On November 3, 1976, the distinctive badge for the 3d COSCOM was authorized. The Korean taeguk within the octagon shape represents the unit's eight campaigns in the Korean War. The red, white, and blue interlaced chevronels symbolize the strong support offered by the command; three chevronels further distinguish the designation of the 3d Corps Support Command. Buff (gold) and scarlet are colors used for support units. 3d COSCOM adapted its official motto "Sustaining the Line!" in the fall of 1977. The command sponsored a contest for soldiers to provide a motto for the unit crest. In a meeting in early October, a dozen possible mottoes from soldiers across the command were selected. Warrant Officer Richard Jones of the 881st Maintenance Battalion, received a $25 savings bond for his contribution of "Sustaining the Line!"
In 1985 the 3d Support Command headquarters moved from Frankfurt to Wiesbaden, West Germany, after being next to V Corps HQs in Frankfurt for 16 years. In 1986 the command was selected to sponsor USAREUR's involvement in the 70th annual Nijmegen Road March in Holland. The command handled its duties in such an outstanding manner that the CG, USAREUR and 7th Army, established the command as the permanent sponsor of the international road march. The command was redesignated as the 3d Corps Support Command in October 1988.
3d COSCOM has been a key participant in several critical support missions throughout the world. Besides playing a major role in the deployment and redeployment of USAREUR soldiers in support of operations Desert Shield and Desert Storm, over 1,600 soldiers deployed from the 3d COSCOM to southwest Asia, including soldiers from the 181 Transportation Battalion and the 16th Corps Support Group. Elements of the 3d COSCOM deployed to Zagreb, Croatia, in support of Operation Provide Promise from November 1992 to November 1993. Aviation support soldiers were deployed to Somalia from December 1992 through May 1993 in support of Operation Restore Hope. From July through December 1993, 3d COSCOM soldiers deployed to southwest Asia in support of Operation Provide Cover. Soldiers from every unit in the COSCOM deployed to the Balkans in 1999 in support of Task Force Hawk and Falcon, participating in the NATO-led air campaign in Kosovo to bring stability and peace to the region.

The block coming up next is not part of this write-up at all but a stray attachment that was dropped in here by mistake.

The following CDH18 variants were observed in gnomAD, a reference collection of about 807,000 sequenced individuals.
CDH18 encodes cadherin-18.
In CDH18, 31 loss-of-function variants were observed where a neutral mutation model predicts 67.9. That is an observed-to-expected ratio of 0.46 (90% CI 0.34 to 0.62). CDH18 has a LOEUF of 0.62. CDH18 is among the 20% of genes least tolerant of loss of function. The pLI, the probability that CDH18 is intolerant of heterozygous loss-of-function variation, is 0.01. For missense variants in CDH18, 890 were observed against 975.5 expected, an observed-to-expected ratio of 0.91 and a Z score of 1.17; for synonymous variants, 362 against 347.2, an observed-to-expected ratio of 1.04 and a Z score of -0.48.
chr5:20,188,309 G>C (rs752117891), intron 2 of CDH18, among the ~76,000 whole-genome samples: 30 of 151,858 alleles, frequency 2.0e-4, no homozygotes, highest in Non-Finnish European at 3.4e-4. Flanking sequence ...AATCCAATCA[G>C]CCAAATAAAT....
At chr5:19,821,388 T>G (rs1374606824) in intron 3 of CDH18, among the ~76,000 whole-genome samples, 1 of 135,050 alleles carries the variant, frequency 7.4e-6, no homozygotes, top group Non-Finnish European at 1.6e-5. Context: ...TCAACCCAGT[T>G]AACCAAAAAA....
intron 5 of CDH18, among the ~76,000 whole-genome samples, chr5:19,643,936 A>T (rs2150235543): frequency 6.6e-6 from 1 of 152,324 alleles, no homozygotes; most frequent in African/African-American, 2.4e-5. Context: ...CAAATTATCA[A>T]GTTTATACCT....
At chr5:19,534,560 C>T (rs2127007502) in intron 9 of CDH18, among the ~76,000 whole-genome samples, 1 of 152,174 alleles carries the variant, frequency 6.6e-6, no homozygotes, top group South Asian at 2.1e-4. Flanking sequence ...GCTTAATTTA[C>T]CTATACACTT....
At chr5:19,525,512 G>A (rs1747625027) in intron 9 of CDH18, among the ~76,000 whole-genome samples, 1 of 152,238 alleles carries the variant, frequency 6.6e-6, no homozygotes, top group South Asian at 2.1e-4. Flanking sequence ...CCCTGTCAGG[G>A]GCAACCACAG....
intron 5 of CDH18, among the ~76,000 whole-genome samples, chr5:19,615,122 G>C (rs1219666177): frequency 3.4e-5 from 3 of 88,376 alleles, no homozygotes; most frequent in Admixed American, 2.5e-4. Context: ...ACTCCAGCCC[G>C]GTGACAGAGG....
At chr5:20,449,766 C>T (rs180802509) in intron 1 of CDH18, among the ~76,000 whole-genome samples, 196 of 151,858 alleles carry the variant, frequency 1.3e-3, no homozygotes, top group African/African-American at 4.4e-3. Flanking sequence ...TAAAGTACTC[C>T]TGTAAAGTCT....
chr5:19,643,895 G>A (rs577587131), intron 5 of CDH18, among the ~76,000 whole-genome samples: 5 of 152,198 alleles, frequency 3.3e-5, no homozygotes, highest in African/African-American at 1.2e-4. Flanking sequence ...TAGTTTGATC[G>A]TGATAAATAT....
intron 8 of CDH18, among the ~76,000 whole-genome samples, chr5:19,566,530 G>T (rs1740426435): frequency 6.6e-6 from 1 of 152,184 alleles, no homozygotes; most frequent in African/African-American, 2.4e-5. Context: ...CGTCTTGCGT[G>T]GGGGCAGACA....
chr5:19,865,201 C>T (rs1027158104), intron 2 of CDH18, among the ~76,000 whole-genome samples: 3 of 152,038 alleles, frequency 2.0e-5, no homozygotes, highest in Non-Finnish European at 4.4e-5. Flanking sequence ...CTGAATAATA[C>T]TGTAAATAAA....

Operation Iraqi Freedom
Elements of V Corps deploy to Kuwait in early 2003. These included the 94th Engineer Battalion, the 22nd Signial Brigade, the 205th Military Intelligence Brigade, and the 3rd Corps Support Command were to depart for Kuwait in the following weeks.
3rd COSCOM fed, equipped and clothed more than 150,000 Soldiers. It provided those Soldiers with water; fueled and helped fix their vehicles; provided repair parts and other supplies; and transported, issued and safeguarded ammunition for their weapons. 3rd COSCOM moved all classes of supply throughout the theater of operations, from Arifjan in Kuwait to Mosul in Iraq – over a road network of more than 3,000 miles.
3rd COSCOM grew from its garrison strength of approximately 4,000 Soldiers to a logistics force of more than 17,000 Soldiers. The command was organized into six corps support groups in an unprecedented mix of active duty units from Europe and the United States, and Army Reserve and National Guard units from all over the U.S. These Army Reserve and National Guard units made up over 40 percent of the logistics force.